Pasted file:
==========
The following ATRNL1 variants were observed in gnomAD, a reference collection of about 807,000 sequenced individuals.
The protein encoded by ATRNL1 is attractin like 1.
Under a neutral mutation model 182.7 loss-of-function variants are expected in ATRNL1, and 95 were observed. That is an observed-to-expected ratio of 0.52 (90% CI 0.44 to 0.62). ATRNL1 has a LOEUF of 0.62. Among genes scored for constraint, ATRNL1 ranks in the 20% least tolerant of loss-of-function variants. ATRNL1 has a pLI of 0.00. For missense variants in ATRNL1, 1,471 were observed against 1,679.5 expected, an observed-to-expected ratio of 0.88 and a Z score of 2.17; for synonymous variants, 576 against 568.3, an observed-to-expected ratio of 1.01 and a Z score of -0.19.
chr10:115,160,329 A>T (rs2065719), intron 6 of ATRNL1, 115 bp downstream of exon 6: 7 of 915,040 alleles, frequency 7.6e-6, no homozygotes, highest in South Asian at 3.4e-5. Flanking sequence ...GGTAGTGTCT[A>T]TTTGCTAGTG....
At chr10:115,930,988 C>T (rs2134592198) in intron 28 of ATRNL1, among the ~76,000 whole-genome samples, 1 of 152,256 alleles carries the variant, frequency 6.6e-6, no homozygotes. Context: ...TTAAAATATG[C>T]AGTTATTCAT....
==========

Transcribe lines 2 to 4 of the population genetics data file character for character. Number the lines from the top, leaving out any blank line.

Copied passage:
The protein encoded by ATRNL1 is attractin like 1.
Under a neutral mutation model 182.7 loss-of-function variants are expected in ATRNL1, and 95 were observed. That is an observed-to-expected ratio of 0.52 (90% CI 0.44 to 0.62). ATRNL1 has a LOEUF of 0.62. Among genes scored for constraint, ATRNL1 ranks in the 20% least tolerant of loss-of-function variants. ATRNL1 has a pLI of 0.00. For missense variants in ATRNL1, 1,471 were observed against 1,679.5 expected, an observed-to-expected ratio of 0.88 and a Z score of 2.17; for synonymous variants, 576 against 568.3, an observed-to-expected ratio of 1.01 and a Z score of -0.19.
chr10:115,160,329 A>T (rs2065719), intron 6 of ATRNL1, 115 bp downstream of exon 6: 7 of 915,040 alleles, frequency 7.6e-6, no homozygotes, highest in South Asian at 3.4e-5. Flanking sequence ...GGTAGTGTCT[A>T]TTTGCTAGTG....